Oil booms result in bursts of economic growth, but this is often followed by a downturn that severely affects countries unprepared to mitigate the effects of falling prices. The head of the Guyana Oil and Gas Association (GOGA) says it is important that the South American country finds ways of dealing with this reality, since it often leads to “violent conflict, greater inequality, less democracy and more corruption.”
Speaking at the opening session of a two-day symposium on oil and gas in Guyana’s capital, Georgetown, on Thursday, President and CEO of GOGA, Bobby Gossai Jr. said the economic benefits oil production will bring to Guyana, if utilized wisely, has the potential to transform the country. “Our new and emerging sector has the opportunity to transform the full development of the cooperative republic. As such, it is crucial that we learn from the experience of others of how to not make the mistakes of the past and chart a new course of growth for a sector that should not be managed in the traditional way.”
Mr. Gossai’s call is the latest in a series of warnings from numerous officials, experts, private sector and other stakeholders over the past several months, on how Guyana’s oil wealth can translate to a major success story, or one of epic failure.
“The ‘resource curse’ literature describes a tendency for them (mineral-dependent states) not only to fail to harness their resources for national development, but even to be harmed by them in many cases,” he said, pointing out that the living conditions in most oil producers are close to, or below the average, for sub-Saharan African countries.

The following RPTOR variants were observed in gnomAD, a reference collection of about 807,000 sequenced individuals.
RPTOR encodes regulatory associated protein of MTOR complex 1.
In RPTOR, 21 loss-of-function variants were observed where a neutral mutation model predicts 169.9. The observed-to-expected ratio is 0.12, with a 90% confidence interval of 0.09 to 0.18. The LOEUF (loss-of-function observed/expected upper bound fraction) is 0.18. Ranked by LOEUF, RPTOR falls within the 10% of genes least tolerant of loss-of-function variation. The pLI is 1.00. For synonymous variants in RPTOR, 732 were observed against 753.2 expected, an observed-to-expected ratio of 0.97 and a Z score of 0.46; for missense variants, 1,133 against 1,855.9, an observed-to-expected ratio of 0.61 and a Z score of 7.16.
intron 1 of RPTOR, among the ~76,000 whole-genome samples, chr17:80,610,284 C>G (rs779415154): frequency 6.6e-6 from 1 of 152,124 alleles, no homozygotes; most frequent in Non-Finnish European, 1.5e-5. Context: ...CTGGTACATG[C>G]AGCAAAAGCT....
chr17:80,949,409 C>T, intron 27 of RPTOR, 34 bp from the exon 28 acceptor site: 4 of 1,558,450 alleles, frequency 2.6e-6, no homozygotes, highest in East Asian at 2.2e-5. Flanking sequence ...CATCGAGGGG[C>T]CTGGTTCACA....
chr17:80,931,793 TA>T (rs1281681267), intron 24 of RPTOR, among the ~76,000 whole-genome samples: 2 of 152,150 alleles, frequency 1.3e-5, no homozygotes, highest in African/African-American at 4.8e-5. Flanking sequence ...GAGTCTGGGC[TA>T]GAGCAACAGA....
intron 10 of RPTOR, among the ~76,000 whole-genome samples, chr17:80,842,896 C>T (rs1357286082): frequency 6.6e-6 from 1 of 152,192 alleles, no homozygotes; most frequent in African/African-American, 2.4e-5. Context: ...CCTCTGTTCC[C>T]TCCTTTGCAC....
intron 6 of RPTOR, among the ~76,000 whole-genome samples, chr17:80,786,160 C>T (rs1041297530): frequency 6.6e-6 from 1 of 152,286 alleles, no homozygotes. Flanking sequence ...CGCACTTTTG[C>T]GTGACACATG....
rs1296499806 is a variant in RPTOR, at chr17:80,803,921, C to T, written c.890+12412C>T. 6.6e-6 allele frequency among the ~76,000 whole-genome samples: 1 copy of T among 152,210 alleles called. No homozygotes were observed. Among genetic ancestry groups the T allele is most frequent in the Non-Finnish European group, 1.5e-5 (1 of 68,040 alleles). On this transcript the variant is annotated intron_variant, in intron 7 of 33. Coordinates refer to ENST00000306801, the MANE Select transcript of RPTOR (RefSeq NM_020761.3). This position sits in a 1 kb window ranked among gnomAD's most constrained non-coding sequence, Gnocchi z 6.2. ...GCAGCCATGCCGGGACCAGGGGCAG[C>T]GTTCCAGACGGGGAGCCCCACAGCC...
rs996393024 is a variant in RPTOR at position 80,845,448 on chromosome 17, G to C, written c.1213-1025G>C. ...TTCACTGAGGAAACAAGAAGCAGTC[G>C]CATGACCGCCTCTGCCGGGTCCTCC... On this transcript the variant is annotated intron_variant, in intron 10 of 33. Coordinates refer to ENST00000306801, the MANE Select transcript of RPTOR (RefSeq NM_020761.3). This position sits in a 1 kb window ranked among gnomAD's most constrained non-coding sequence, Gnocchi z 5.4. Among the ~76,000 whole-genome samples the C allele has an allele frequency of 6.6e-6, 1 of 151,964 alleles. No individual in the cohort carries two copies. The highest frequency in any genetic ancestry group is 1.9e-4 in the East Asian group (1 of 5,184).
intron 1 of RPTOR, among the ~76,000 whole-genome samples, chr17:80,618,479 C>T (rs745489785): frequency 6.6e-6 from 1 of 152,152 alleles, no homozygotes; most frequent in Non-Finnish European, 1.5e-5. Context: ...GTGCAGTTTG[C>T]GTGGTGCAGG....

“Oil booms, promote bursts of temporary headline economic growth, followed by hangovers so deep that growth in the very long term is often lower than it would have been without the resource,” he emphasized.
The GOGA CEO said it is noteworthy that the poorer and weaker a country is before an oil discovery, the more likely it is to be harmed by it.
For a country that has been ranked as one of the poorest in the region, and in which, according to Transparency International, a high perception of corruption exists, the consensus is that Guyana must work extra hard to avoid the pitfalls of so many oil producing countries around the world. Mr. Gossai believes that if these issues are to be addressed effectively, a closer examination of what constitutes corruption must be made. “…instead of Transparency International’s definitions, we need definitions that capture the systemic aspects of corruption, and the processes involved.”
Oil production is set to begin in Guyana by mid-2020. The country is in a race against time to put all the necessary regulatory systems in place before that time reaches which has seen a number of consultants being hired by the Guyana government to advise on the way forward.